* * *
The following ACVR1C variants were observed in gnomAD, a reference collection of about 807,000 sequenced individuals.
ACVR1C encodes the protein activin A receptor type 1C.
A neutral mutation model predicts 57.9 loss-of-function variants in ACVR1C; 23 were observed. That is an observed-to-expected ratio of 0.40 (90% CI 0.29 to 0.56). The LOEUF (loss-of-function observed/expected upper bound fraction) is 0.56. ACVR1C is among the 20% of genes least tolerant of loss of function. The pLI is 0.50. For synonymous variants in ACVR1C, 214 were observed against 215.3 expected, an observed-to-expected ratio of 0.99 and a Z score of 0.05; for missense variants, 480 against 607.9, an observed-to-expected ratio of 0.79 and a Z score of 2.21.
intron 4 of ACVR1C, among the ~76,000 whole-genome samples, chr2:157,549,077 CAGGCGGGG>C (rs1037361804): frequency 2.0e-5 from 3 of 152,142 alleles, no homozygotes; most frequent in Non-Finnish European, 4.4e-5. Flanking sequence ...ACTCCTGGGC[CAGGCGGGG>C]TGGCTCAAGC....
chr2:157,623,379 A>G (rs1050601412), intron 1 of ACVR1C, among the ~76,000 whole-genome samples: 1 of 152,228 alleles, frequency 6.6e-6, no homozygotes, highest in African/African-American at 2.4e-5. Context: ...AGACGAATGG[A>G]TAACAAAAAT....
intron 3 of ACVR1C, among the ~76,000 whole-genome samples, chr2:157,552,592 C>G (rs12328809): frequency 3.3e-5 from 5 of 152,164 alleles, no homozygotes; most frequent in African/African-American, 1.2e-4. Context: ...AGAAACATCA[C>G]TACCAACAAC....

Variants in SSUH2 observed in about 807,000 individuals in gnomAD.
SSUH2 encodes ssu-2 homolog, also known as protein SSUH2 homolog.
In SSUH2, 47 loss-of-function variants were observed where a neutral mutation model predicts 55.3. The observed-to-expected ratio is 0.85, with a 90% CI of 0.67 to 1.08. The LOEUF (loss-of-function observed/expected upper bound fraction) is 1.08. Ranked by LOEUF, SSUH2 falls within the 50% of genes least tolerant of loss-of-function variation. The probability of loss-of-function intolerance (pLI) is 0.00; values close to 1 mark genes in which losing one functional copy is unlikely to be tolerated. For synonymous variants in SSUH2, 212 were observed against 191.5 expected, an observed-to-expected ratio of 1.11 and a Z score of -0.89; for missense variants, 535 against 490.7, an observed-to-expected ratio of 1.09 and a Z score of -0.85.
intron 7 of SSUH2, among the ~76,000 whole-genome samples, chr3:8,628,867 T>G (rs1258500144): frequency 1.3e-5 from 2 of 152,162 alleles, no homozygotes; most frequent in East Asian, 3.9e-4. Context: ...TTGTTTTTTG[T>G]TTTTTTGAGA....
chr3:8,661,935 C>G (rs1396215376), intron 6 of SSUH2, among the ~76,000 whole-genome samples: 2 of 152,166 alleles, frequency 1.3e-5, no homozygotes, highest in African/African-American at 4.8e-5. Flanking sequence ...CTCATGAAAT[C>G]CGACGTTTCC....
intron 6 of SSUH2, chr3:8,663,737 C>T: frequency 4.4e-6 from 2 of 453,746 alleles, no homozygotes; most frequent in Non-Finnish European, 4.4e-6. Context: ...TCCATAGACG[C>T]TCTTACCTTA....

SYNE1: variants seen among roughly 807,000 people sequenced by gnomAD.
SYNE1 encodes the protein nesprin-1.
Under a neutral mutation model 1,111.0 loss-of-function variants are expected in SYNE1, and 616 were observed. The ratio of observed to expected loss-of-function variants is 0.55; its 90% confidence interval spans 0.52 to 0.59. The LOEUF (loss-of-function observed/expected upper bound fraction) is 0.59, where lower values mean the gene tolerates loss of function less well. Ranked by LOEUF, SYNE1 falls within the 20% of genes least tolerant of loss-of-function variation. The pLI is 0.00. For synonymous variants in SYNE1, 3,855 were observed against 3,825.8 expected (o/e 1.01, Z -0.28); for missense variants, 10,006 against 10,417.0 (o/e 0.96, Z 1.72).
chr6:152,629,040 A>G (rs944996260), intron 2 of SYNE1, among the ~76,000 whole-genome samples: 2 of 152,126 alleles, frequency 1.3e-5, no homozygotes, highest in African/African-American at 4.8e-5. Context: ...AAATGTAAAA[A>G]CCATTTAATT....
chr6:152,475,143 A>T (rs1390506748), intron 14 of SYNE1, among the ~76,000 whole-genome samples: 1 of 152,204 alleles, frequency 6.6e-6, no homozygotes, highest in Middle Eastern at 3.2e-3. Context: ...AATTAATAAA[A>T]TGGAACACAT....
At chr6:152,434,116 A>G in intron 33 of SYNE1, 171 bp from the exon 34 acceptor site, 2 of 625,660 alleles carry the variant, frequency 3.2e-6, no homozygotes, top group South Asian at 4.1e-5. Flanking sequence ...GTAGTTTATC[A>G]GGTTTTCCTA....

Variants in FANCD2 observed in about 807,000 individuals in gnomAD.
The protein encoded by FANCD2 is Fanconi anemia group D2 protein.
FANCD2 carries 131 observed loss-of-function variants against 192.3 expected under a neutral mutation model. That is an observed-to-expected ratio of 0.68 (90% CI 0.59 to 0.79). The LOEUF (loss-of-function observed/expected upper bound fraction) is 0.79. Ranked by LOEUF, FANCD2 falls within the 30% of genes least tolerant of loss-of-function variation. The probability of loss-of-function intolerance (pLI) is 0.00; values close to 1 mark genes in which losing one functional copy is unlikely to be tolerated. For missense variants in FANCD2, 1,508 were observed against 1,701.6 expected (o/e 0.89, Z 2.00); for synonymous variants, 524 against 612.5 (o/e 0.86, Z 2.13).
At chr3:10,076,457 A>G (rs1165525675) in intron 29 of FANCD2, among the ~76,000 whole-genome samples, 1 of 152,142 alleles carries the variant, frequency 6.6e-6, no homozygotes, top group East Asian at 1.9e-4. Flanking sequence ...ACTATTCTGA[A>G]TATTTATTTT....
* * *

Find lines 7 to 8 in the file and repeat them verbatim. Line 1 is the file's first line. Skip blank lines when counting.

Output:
Variants in SSUH2 observed in about 807,000 individuals in gnomAD.
SSUH2 encodes ssu-2 homolog, also known as protein SSUH2 homolog.